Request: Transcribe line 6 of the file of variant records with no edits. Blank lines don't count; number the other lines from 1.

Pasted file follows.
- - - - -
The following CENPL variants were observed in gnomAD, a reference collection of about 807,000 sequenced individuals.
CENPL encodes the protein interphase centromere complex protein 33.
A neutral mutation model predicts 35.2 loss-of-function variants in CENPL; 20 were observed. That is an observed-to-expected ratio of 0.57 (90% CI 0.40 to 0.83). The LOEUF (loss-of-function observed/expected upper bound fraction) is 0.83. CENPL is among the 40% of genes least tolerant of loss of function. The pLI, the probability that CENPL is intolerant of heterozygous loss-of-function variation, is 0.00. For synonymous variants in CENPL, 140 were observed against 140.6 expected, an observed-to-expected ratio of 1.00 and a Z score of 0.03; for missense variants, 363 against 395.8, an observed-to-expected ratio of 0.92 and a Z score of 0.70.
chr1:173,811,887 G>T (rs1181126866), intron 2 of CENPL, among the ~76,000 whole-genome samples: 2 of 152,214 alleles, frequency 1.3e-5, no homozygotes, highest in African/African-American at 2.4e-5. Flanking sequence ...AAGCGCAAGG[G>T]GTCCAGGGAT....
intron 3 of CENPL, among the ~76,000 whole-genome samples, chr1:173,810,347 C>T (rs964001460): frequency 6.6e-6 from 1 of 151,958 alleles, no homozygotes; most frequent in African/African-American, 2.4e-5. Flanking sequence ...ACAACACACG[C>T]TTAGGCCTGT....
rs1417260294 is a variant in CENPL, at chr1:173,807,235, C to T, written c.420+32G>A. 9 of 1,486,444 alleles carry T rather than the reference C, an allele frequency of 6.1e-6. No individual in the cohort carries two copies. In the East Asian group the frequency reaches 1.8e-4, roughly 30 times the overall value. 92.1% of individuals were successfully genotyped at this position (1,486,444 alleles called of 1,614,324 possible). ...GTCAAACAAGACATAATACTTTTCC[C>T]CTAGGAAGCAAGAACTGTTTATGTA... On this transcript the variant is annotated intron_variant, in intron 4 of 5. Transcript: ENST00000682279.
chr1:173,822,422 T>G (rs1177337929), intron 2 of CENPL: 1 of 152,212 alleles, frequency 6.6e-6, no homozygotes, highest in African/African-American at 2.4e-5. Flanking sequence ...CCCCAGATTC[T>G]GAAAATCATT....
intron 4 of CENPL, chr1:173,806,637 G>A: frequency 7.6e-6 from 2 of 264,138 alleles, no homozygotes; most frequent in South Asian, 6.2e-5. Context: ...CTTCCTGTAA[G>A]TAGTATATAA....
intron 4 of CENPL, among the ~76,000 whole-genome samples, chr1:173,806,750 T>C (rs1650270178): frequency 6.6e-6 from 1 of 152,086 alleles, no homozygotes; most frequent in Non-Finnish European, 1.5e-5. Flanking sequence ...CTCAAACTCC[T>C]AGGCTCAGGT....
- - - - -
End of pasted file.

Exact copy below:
rs1417260294 is a variant in CENPL, at chr1:173,807,235, C to T, written c.420+32G>A. 9 of 1,486,444 alleles carry T rather than the reference C, an allele frequency of 6.1e-6. No individual in the cohort carries two copies. In the East Asian group the frequency reaches 1.8e-4, roughly 30 times the overall value. 92.1% of individuals were successfully genotyped at this position (1,486,444 alleles called of 1,614,324 possible). ...GTCAAACAAGACATAATACTTTTCC[C>T]CTAGGAAGCAAGAACTGTTTATGTA... On this transcript the variant is annotated intron_variant, in intron 4 of 5. Transcript: ENST00000682279.